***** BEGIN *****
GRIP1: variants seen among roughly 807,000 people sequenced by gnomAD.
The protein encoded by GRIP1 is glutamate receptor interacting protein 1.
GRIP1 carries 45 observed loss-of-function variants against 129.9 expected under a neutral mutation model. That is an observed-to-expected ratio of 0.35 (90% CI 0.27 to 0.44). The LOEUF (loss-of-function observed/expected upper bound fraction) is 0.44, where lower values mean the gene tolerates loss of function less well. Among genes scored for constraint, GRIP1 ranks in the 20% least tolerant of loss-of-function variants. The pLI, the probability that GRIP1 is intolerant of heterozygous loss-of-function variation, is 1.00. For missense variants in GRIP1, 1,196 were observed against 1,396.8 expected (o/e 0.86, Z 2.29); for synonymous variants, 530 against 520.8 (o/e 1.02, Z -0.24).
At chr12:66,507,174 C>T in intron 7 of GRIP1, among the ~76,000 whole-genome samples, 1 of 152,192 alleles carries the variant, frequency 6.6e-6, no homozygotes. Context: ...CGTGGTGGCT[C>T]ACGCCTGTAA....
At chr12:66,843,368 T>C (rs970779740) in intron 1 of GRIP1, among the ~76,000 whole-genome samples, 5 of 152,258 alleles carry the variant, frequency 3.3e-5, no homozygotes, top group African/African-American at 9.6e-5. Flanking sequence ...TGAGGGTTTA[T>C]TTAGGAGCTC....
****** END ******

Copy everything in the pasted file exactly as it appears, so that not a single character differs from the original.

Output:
GRIP1: variants seen among roughly 807,000 people sequenced by gnomAD.
The protein encoded by GRIP1 is glutamate receptor interacting protein 1.
GRIP1 carries 45 observed loss-of-function variants against 129.9 expected under a neutral mutation model. That is an observed-to-expected ratio of 0.35 (90% CI 0.27 to 0.44). The LOEUF (loss-of-function observed/expected upper bound fraction) is 0.44, where lower values mean the gene tolerates loss of function less well. Among genes scored for constraint, GRIP1 ranks in the 20% least tolerant of loss-of-function variants. The pLI, the probability that GRIP1 is intolerant of heterozygous loss-of-function variation, is 1.00. For missense variants in GRIP1, 1,196 were observed against 1,396.8 expected (o/e 0.86, Z 2.29); for synonymous variants, 530 against 520.8 (o/e 1.02, Z -0.24).
At chr12:66,507,174 C>T in intron 7 of GRIP1, among the ~76,000 whole-genome samples, 1 of 152,192 alleles carries the variant, frequency 6.6e-6, no homozygotes. Context: ...CGTGGTGGCT[C>T]ACGCCTGTAA....
At chr12:66,843,368 T>C (rs970779740) in intron 1 of GRIP1, among the ~76,000 whole-genome samples, 5 of 152,258 alleles carry the variant, frequency 3.3e-5, no homozygotes, top group African/African-American at 9.6e-5. Flanking sequence ...TGAGGGTTTA[T>C]TTAGGAGCTC....